Chris Taylor (2B/3B/SS/OF, LAD) – 3-5, RBI, BB, SB. I can’t endorse this guy enough. He’s a multi-metric champion and a consistent one from leadoff for the Dodgers, at that. Now sporting a .313 BA to go along with 71 runs and 62 RBI, what sets him apart for me is that he can bring power and speed without having any one other category that’s a weakness. Taylor’s hit 17 homers and stolen 15 bags, and the fact that his August average of .317 so closely mirrors his season average makes my nerves rest easy since I know he’s not prone to flukish surges or brutal slumps. He’s just so solid in fantasy and needs to be used daily.
J.T. Realmuto (C, MIA) – 1-4, R, HR, 3 RBI, 2 K. The average has come down a little bit to what is still a stellar .287, but Realmuto remains one of this year’s better fantasy catchers with his 56 each in runs and RBI and decent power production. He mashed his 16th bomb of the year Thursday, which was his third in Miami’s last seven games. Realmuto also has managed six steals while only getting caught on two occasions in 2017. He’s an excellent start at C despite a .200 August. Realmuto is also on the cusp of earning 1B eligibility after ceding the backstop start to A.J. Ellis yesterday, which would only boost his stock.
Yoenis Cespedes (OF, NYM) – 2-3, R, HR, RBI, 2 BB (2 IBB), K. Cespedes has 25 hits this month, averaging a .325 clip to inflate his season rate to .292. Thursday’s jack was his seventh of August and 17th overall, so he’s absolutely heating up right when it matters most right before playoffs commence. I still wish Cespy had more runs and RBI on the year because he’s capable of better than mid-60s for a season, but the offense he’s been able to manufacture recently has been more than sufficient. His hard contact of 42.2% is a career-best right now, as well, so that’s a feather in your cap as his owner.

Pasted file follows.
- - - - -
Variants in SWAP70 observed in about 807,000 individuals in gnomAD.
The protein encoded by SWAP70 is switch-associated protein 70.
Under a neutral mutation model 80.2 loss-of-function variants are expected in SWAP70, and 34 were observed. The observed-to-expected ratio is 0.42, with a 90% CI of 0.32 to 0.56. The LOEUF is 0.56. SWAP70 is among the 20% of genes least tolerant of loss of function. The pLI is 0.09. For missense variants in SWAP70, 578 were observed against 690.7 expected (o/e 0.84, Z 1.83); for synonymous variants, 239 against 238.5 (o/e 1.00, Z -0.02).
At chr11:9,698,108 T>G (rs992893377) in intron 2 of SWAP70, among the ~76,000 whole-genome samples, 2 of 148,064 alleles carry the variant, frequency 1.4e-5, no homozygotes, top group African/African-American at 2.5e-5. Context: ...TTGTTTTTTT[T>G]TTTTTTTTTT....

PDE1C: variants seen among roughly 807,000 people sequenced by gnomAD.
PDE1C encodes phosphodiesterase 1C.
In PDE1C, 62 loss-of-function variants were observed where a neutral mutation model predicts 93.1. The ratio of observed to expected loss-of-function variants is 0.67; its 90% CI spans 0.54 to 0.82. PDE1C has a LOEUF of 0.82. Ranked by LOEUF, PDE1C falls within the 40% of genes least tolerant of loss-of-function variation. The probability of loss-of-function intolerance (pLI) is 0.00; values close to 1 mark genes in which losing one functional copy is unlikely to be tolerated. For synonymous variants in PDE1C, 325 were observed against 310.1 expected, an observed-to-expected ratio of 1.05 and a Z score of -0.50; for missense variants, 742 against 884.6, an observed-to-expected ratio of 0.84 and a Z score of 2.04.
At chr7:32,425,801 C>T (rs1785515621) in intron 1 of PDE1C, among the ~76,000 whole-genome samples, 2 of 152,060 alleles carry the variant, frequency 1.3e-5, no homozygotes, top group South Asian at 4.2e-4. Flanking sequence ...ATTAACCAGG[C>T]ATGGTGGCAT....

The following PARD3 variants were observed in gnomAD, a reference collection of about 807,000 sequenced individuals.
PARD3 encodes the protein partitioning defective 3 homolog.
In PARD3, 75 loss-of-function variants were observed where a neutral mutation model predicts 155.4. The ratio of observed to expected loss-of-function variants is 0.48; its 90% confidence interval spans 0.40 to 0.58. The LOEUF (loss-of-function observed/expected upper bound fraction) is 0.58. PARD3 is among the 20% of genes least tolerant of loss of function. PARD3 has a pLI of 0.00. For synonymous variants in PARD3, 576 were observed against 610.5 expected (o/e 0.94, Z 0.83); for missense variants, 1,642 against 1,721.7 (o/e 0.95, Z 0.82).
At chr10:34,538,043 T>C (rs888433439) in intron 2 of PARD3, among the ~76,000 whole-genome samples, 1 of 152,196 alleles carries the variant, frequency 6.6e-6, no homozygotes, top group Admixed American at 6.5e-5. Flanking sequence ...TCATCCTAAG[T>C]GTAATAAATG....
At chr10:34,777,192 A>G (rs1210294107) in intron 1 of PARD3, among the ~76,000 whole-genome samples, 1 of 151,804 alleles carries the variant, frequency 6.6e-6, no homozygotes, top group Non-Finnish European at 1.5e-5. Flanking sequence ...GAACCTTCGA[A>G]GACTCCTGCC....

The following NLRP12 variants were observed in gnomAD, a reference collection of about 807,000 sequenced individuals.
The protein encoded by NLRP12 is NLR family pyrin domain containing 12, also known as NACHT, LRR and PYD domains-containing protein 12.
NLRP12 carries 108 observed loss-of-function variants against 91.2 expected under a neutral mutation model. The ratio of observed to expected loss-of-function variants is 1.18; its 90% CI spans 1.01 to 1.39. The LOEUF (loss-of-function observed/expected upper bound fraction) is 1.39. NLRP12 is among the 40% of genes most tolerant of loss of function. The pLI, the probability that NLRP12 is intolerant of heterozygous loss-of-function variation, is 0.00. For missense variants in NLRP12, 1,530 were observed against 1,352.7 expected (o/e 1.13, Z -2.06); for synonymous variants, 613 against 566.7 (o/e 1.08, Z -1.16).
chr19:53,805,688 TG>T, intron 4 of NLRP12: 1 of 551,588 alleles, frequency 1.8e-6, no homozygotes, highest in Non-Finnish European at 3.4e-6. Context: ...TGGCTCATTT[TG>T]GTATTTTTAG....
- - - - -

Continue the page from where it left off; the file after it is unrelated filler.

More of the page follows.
Anthony Rendon (3B, WSH) – 2-3, R, RBI, BB. Rendon hasn’t been on fire lately, but he’s still a top-notch fantasy 3B in the game as far as ability to generate RBI. He has 78 on the year, and while the power has gone weirdly AWOL in recent weeks, he should have no problem finishing strong. Hitting 22 dingers doesn’t happen by accident nor does it tend to just fall off entirely; Rendon’s BABIP is a modest .312 right now, so it’s not like a crazy regression into power oblivion is in the cards. The .301 average is more than fine, and six steals don’t hurt either after he swiped another on Tuesday. You can plug him into your lineup without too much anxiety. A fun fact is that Rendon has hit .359 with runners in scoring position this year, so brace yourself for plenty more where that came from.
Paul DeJong (2B/3B/SS, STL) – 3-4, R. DeJong hit a double as one of his trio of hits against San Diego Thursday. I’m digging the RBI DeJong has been cranking out from St. Louis’ 3-spot since mid-June, as 48 over 286 at-bats is more than enough to satisfy my needs in that category. You won’t hear me complaining about 20 homers in that span either. Just like Rendon, he sports a .301 average. But the good news is DeJong is peaking at an opportune point in the season by hitting .330 in August, and the multiple positions he’s eligible for make him even more useful. Deploy and enjoy.
Aaaaand Cespedes is probably done for the year now.